The FBI Agent Watching Me meme references a government employee, often an FBI agent, who watches our lives unfold like a reality TV show. In the context of the meme, the agent judges us—or cheers us on—while we take selfies and text crushes. The meme appeared last year, and people are still actively using it in 2018.
A tweet by user @INDIEWASHERE about a government agent monitoring her love life through text messages was seemingly the first popular iteration of this meme:
me: *gets left on read by boy i like again*
government agent who's reading all my texts: wow when will she finally find love?? *sighs*
— andile (@INDIEWASHERE) April 4, 2017
Another popular tweet, from December 2017, uses a clip of Britney Spears to imagine what government agents see in a webcam (if you have it uncovered):
Me trying on clothes for a first date and asking the government workers in the webcam what they think pic.twitter.com/qqQ3p7kiz5
— danny (@im0danieI) December 12, 2017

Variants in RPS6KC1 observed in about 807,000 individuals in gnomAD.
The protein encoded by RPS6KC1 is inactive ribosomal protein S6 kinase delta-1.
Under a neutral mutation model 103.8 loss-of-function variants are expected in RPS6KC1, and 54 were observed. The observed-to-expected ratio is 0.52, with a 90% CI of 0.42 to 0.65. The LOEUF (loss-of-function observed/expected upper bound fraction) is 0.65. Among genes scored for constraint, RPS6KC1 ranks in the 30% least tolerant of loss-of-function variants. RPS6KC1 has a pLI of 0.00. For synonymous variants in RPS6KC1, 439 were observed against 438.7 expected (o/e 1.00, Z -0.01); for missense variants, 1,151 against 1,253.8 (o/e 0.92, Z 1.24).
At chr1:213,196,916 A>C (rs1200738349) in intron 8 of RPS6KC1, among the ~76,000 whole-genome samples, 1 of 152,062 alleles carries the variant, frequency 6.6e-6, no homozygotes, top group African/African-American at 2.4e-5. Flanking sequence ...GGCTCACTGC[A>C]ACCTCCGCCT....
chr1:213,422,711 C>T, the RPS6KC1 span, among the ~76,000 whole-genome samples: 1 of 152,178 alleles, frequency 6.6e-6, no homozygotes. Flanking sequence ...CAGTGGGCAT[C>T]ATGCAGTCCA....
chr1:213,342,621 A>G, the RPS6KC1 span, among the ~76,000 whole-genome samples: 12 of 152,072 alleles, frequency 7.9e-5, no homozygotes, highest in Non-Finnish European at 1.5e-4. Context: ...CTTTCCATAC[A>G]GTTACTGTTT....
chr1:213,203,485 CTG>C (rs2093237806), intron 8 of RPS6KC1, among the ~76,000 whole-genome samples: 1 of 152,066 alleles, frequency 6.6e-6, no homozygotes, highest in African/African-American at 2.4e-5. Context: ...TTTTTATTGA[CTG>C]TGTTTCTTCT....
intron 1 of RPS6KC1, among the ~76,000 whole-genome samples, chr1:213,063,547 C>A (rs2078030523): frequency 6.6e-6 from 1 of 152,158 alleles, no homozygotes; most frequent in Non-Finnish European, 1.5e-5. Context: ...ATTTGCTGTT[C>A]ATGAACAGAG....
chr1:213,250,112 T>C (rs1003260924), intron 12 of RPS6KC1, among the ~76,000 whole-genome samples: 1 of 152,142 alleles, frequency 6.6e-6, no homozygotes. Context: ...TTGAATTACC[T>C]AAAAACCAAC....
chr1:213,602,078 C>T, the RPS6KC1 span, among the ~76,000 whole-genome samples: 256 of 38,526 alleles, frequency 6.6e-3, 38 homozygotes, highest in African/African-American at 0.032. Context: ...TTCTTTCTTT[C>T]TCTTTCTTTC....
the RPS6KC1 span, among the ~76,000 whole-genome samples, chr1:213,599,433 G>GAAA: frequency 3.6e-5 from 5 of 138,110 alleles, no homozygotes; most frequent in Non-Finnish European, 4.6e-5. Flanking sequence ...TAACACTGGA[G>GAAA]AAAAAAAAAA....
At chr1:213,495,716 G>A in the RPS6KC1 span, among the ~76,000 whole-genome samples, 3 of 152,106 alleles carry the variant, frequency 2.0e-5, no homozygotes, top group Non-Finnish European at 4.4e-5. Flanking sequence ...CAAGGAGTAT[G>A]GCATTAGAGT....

Although fear of government surveillance isn’t new—see Nineteen Eighty-Four—the FBI Agent Watching Me meme is rooted in one of the biggest news stories of the last decade. In 2013, Edward Snowden “leaked” parts of an information cache he’d obtained from his job as a contracted government surveillance employee. The revelations in the documents that Snowden gave to news outlets—that a secret court, loosely governed, supervised the collection of loads and loads of information about private citizens that it mined from our devices—were met at first with derision (there’s no way that’s going on, we don’t even have the technology!) which progressed to denial from the head of National Intelligence, James Clapper (seriously, that’s illegal, we are not spying on citizens) to a dull sort of acceptance (even if we were doing that, it’s for your own good).